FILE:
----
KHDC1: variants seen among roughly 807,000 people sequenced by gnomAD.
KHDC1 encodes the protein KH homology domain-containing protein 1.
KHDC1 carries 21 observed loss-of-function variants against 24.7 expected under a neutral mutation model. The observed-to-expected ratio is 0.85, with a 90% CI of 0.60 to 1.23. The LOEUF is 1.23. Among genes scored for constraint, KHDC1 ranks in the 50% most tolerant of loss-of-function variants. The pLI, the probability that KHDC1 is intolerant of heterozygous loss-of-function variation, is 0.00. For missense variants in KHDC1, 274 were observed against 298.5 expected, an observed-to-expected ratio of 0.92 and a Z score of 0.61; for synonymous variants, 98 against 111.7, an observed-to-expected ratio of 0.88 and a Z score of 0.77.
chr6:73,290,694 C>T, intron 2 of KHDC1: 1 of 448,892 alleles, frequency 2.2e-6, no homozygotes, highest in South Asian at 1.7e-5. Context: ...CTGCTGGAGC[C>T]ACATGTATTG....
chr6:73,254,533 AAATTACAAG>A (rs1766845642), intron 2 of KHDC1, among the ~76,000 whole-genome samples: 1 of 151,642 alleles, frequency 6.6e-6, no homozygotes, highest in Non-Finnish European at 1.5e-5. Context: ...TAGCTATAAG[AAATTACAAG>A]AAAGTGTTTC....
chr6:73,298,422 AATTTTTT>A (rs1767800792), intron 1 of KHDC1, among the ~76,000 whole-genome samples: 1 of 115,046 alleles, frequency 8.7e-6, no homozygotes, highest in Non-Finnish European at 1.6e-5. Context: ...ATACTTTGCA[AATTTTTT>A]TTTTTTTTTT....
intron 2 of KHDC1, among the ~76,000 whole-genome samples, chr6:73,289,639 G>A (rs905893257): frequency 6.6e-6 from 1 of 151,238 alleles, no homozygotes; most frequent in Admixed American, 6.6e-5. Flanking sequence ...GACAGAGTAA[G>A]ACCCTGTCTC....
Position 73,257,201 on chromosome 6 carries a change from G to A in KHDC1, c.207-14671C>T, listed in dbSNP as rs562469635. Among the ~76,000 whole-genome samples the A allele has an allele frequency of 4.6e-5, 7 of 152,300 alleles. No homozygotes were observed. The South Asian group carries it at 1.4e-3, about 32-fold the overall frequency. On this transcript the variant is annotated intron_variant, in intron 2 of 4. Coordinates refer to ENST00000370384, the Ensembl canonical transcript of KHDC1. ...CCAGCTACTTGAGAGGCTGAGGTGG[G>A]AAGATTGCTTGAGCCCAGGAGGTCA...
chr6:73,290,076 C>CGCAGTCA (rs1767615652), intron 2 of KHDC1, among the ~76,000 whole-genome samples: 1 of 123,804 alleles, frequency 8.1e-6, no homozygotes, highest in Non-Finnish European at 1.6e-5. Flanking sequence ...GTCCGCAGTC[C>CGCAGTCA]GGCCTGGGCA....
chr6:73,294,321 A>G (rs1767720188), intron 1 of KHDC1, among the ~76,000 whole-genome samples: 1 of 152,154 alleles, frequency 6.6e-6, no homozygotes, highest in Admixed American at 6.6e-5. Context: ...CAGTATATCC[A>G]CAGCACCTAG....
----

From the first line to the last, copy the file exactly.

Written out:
KHDC1: variants seen among roughly 807,000 people sequenced by gnomAD.
KHDC1 encodes the protein KH homology domain-containing protein 1.
KHDC1 carries 21 observed loss-of-function variants against 24.7 expected under a neutral mutation model. The observed-to-expected ratio is 0.85, with a 90% CI of 0.60 to 1.23. The LOEUF is 1.23. Among genes scored for constraint, KHDC1 ranks in the 50% most tolerant of loss-of-function variants. The pLI, the probability that KHDC1 is intolerant of heterozygous loss-of-function variation, is 0.00. For missense variants in KHDC1, 274 were observed against 298.5 expected, an observed-to-expected ratio of 0.92 and a Z score of 0.61; for synonymous variants, 98 against 111.7, an observed-to-expected ratio of 0.88 and a Z score of 0.77.
chr6:73,290,694 C>T, intron 2 of KHDC1: 1 of 448,892 alleles, frequency 2.2e-6, no homozygotes, highest in South Asian at 1.7e-5. Context: ...CTGCTGGAGC[C>T]ACATGTATTG....
chr6:73,254,533 AAATTACAAG>A (rs1766845642), intron 2 of KHDC1, among the ~76,000 whole-genome samples: 1 of 151,642 alleles, frequency 6.6e-6, no homozygotes, highest in Non-Finnish European at 1.5e-5. Context: ...TAGCTATAAG[AAATTACAAG>A]AAAGTGTTTC....
chr6:73,298,422 AATTTTTT>A (rs1767800792), intron 1 of KHDC1, among the ~76,000 whole-genome samples: 1 of 115,046 alleles, frequency 8.7e-6, no homozygotes, highest in Non-Finnish European at 1.6e-5. Context: ...ATACTTTGCA[AATTTTTT>A]TTTTTTTTTT....
intron 2 of KHDC1, among the ~76,000 whole-genome samples, chr6:73,289,639 G>A (rs905893257): frequency 6.6e-6 from 1 of 151,238 alleles, no homozygotes; most frequent in Admixed American, 6.6e-5. Flanking sequence ...GACAGAGTAA[G>A]ACCCTGTCTC....
Position 73,257,201 on chromosome 6 carries a change from G to A in KHDC1, c.207-14671C>T, listed in dbSNP as rs562469635. Among the ~76,000 whole-genome samples the A allele has an allele frequency of 4.6e-5, 7 of 152,300 alleles. No homozygotes were observed. The South Asian group carries it at 1.4e-3, about 32-fold the overall frequency. On this transcript the variant is annotated intron_variant, in intron 2 of 4. Coordinates refer to ENST00000370384, the Ensembl canonical transcript of KHDC1. ...CCAGCTACTTGAGAGGCTGAGGTGG[G>A]AAGATTGCTTGAGCCCAGGAGGTCA...
chr6:73,290,076 C>CGCAGTCA (rs1767615652), intron 2 of KHDC1, among the ~76,000 whole-genome samples: 1 of 123,804 alleles, frequency 8.1e-6, no homozygotes, highest in Non-Finnish European at 1.6e-5. Flanking sequence ...GTCCGCAGTC[C>CGCAGTCA]GGCCTGGGCA....
chr6:73,294,321 A>G (rs1767720188), intron 1 of KHDC1, among the ~76,000 whole-genome samples: 1 of 152,154 alleles, frequency 6.6e-6, no homozygotes, highest in Admixed American at 6.6e-5. Context: ...CAGTATATCC[A>G]CAGCACCTAG....